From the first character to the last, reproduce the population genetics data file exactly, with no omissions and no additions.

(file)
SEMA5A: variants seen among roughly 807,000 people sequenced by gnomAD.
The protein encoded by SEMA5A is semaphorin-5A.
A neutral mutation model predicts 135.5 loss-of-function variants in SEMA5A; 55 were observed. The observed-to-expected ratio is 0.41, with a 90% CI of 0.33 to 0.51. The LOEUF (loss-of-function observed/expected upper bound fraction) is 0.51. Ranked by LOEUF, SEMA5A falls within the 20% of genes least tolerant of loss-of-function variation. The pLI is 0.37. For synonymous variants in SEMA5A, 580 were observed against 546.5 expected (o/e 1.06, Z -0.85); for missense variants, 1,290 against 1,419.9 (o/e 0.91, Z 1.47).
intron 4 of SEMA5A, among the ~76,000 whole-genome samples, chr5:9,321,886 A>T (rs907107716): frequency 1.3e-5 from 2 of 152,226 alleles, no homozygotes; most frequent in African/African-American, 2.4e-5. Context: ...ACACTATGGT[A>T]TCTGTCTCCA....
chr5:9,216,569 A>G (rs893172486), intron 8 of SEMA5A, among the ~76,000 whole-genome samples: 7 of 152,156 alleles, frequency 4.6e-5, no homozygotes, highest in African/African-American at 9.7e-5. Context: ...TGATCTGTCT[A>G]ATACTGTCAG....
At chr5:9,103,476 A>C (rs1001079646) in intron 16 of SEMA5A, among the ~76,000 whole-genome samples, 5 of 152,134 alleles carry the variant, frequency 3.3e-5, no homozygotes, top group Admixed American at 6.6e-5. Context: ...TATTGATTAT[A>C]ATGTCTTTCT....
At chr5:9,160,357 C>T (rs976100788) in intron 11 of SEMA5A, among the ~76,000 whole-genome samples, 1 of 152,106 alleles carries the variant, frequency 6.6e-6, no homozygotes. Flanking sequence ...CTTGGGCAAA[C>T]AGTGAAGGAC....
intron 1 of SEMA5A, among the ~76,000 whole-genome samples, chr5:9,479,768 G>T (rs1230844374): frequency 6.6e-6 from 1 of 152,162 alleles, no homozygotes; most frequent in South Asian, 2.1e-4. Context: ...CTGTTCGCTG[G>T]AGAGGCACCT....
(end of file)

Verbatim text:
SEMA5A: variants seen among roughly 807,000 people sequenced by gnomAD.
The protein encoded by SEMA5A is semaphorin-5A.
A neutral mutation model predicts 135.5 loss-of-function variants in SEMA5A; 55 were observed. The observed-to-expected ratio is 0.41, with a 90% CI of 0.33 to 0.51. The LOEUF (loss-of-function observed/expected upper bound fraction) is 0.51. Ranked by LOEUF, SEMA5A falls within the 20% of genes least tolerant of loss-of-function variation. The pLI is 0.37. For synonymous variants in SEMA5A, 580 were observed against 546.5 expected (o/e 1.06, Z -0.85); for missense variants, 1,290 against 1,419.9 (o/e 0.91, Z 1.47).
intron 4 of SEMA5A, among the ~76,000 whole-genome samples, chr5:9,321,886 A>T (rs907107716): frequency 1.3e-5 from 2 of 152,226 alleles, no homozygotes; most frequent in African/African-American, 2.4e-5. Context: ...ACACTATGGT[A>T]TCTGTCTCCA....
chr5:9,216,569 A>G (rs893172486), intron 8 of SEMA5A, among the ~76,000 whole-genome samples: 7 of 152,156 alleles, frequency 4.6e-5, no homozygotes, highest in African/African-American at 9.7e-5. Context: ...TGATCTGTCT[A>G]ATACTGTCAG....
At chr5:9,103,476 A>C (rs1001079646) in intron 16 of SEMA5A, among the ~76,000 whole-genome samples, 5 of 152,134 alleles carry the variant, frequency 3.3e-5, no homozygotes, top group Admixed American at 6.6e-5. Context: ...TATTGATTAT[A>C]ATGTCTTTCT....
At chr5:9,160,357 C>T (rs976100788) in intron 11 of SEMA5A, among the ~76,000 whole-genome samples, 1 of 152,106 alleles carries the variant, frequency 6.6e-6, no homozygotes. Flanking sequence ...CTTGGGCAAA[C>T]AGTGAAGGAC....
intron 1 of SEMA5A, among the ~76,000 whole-genome samples, chr5:9,479,768 G>T (rs1230844374): frequency 6.6e-6 from 1 of 152,162 alleles, no homozygotes; most frequent in South Asian, 2.1e-4. Context: ...CTGTTCGCTG[G>T]AGAGGCACCT....